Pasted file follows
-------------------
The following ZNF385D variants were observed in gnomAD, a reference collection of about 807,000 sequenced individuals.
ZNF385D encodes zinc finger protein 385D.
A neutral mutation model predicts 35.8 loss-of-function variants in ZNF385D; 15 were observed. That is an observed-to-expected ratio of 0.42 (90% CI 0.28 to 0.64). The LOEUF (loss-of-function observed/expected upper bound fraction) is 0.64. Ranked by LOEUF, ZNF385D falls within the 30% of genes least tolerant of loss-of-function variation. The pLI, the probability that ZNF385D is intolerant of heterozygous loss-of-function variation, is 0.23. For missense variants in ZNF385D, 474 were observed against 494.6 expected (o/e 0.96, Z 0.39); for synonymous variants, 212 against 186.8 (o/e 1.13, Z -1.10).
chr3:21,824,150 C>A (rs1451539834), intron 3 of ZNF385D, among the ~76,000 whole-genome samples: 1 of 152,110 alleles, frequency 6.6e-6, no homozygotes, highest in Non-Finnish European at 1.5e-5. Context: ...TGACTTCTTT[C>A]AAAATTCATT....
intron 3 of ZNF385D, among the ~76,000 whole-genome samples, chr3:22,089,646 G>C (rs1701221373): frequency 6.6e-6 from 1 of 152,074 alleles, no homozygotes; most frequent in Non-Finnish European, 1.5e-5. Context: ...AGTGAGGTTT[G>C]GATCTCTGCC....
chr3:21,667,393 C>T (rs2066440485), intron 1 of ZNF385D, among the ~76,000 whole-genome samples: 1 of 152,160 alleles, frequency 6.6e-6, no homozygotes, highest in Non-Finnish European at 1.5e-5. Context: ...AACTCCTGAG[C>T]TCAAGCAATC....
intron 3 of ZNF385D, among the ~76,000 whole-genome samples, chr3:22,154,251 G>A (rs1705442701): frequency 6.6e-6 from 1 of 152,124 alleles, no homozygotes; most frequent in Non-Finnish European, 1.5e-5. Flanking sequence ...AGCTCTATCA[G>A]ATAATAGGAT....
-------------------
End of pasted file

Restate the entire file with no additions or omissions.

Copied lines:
The following ZNF385D variants were observed in gnomAD, a reference collection of about 807,000 sequenced individuals.
ZNF385D encodes zinc finger protein 385D.
A neutral mutation model predicts 35.8 loss-of-function variants in ZNF385D; 15 were observed. That is an observed-to-expected ratio of 0.42 (90% CI 0.28 to 0.64). The LOEUF (loss-of-function observed/expected upper bound fraction) is 0.64. Ranked by LOEUF, ZNF385D falls within the 30% of genes least tolerant of loss-of-function variation. The pLI, the probability that ZNF385D is intolerant of heterozygous loss-of-function variation, is 0.23. For missense variants in ZNF385D, 474 were observed against 494.6 expected (o/e 0.96, Z 0.39); for synonymous variants, 212 against 186.8 (o/e 1.13, Z -1.10).
chr3:21,824,150 C>A (rs1451539834), intron 3 of ZNF385D, among the ~76,000 whole-genome samples: 1 of 152,110 alleles, frequency 6.6e-6, no homozygotes, highest in Non-Finnish European at 1.5e-5. Context: ...TGACTTCTTT[C>A]AAAATTCATT....
intron 3 of ZNF385D, among the ~76,000 whole-genome samples, chr3:22,089,646 G>C (rs1701221373): frequency 6.6e-6 from 1 of 152,074 alleles, no homozygotes; most frequent in Non-Finnish European, 1.5e-5. Context: ...AGTGAGGTTT[G>C]GATCTCTGCC....
chr3:21,667,393 C>T (rs2066440485), intron 1 of ZNF385D, among the ~76,000 whole-genome samples: 1 of 152,160 alleles, frequency 6.6e-6, no homozygotes, highest in Non-Finnish European at 1.5e-5. Context: ...AACTCCTGAG[C>T]TCAAGCAATC....
intron 3 of ZNF385D, among the ~76,000 whole-genome samples, chr3:22,154,251 G>A (rs1705442701): frequency 6.6e-6 from 1 of 152,124 alleles, no homozygotes; most frequent in Non-Finnish European, 1.5e-5. Flanking sequence ...AGCTCTATCA[G>A]ATAATAGGAT....